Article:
If our lack of reviews didn't give it away, there have been few noteworthy SSD releases this year, with OCZ's in-house Vertex 450 and the Marvell 88SS9187-based SanDisk Extreme II being the primary exceptions. That's a lot less eventful than previous years and 2012 alone brought the OCZ Vector and Vertex 4, Crucial Adrenaline, Intel SSD 520 Series as well as countless other SandForce SF-2281-powered drives.

Samsung's contribution to the enthusiast flash drive market perhaps deserves special recognition, as its 840 Pro series arrived ahead of the holidays with 21nm Toggle NAND chips and crushed most of the competition. Although it's been a while and OCZ's flagships can certainly put up a fight, we still tend to favor Samsung's product – at least partly because the 512GB 840 Pro as survived a year of duty in my office PC.

Flash performance and endurance is a tricky subject, but we're confident that the SSD 840 Pro remains one of the best in both categories, so we knew Samsung would really have to step things up. It was only a matter of how, of course, and the company revealed that part at its annual global summit. Having aced its attempts at speed and durability, Samsung seems focused on solving flash's biggest sacrifices: size and affordability.

Its new SSD 840 Evo lineup has models spanning from 120GB to 1TB, with the largest costing only $0.65 per gigabyte thanks to its use of TLC NAND. Meanwhile, the Evo drives promise solid performance courtesy of several ingenious features, including an SLC-based write cache ("TurboWrite") as well as a secondary caching system called RAPID (Real-time Accelerated Processing of I/O Data) that dips into system memory.

Samsung 840 Evo 1TB & 250GB in Detail

To be clear, the SSD 840 Evo is still aimed at performance buffs, while the older SSD 840 Pro series is largely aimed at enthusiasts willing to pay for the best performance. Armed with Samsung's MEX (SATA 3.1) controller, the series comes in five capacities: 120GB ($109), 250GB ($183), 500GB ($370), 750GB ($530) and 1TB ($650). The drives have a slim 2.5" design, measuring 100.08 x 69.85 x 7.11mm and weighing up to 54.4g.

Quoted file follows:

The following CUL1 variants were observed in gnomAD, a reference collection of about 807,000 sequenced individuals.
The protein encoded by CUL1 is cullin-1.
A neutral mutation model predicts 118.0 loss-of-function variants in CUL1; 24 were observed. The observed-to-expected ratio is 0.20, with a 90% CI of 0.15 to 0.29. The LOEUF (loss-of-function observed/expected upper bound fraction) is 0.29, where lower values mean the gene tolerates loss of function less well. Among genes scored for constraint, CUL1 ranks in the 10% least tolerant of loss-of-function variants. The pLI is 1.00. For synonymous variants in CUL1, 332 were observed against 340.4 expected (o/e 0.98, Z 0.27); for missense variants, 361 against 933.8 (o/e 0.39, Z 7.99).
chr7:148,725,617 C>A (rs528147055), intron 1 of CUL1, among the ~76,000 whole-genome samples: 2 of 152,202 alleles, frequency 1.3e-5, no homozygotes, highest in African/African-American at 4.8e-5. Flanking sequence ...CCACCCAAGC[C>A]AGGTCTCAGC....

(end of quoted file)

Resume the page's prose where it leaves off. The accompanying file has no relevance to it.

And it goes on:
The 120GB model touts read and write speeds of 540MB/s and 410MB/s, which is more than claimed by the same capacity SSD 840 Pro, while the 250GB, 500GB, 750GB and 1TB models can hit 540MB/s and 520MB/s. All of them have Samsung's 19nm 3bpc TLC Toggle DDR 2.0 NAND flash memory. You'll find two of those chips in the 120GB and 250GB versions, four in the 500GB unit and double that again in the 750GB/1TB variants.

TurboWrite – one of the caching features we mentioned – helps the Evo's TLC memory deliver MLC-like performance by using a small portion of each TLC NAND die as an SLC write buffer. The 120GB and 250GB Evo drives have a 3GB TurboWrite buffer and that increases by 3GB for each subsequent model with the 1TB having a 12GB buffer.

The idea is to write data to the SLC buffer before quickly moving it to the TLC memory. If you write a file that is larger than the buffer or the buffer becomes full and doesn't clear in time, the data is written directly to the slower TLC memory. For light use the 120GB and 250GB models should be fine, but you might experience a slowdown if you consistently write more than 3GB of data.

For example, the 250GB Evo's sequential write performance is around 500MB/s when using TurboWrite, but that will drop to below 300MB/s if the buffer fills up. This is mostly a non-issue for the 1TB drive because its 12GB buffer should be able to handle most conditions.

The Samsung MEX controller features a triple-core Cortex R4 processor, just like the SSD 840 Pro's MDX except the frequency of its three cores has been increased from 300MHz to 400MHz. SATA 3.1 support is also available, bringing queued TRIM commands – something we first experienced on the SanDisk Extreme II.

The Evo series can also access up to a gig of system memory with its RAPID DRAM caching feature, which is unique to these drives and supposedly boosts read performance by storing frequently accessed data in your RAM – something we'll explore in more detail on the next page.

Whereas the SSD 840 Pro series comes in 128GB, 256GB and 512GB models, the Evo range is cut down to 120GB, 250GB and so on to deal with the use of TLC memory. Additionally, each drive is equipped with a healthy cache: 256MB for the 120GB and 250GB drives, 512MB for the 500GB version and a massive 1GB for the 750GB and 1TB models.

Interestingly Samsung is not making claims as to how many terabytes of data can be written before the drives will expire and instead has simply backed them with a three-year warranty.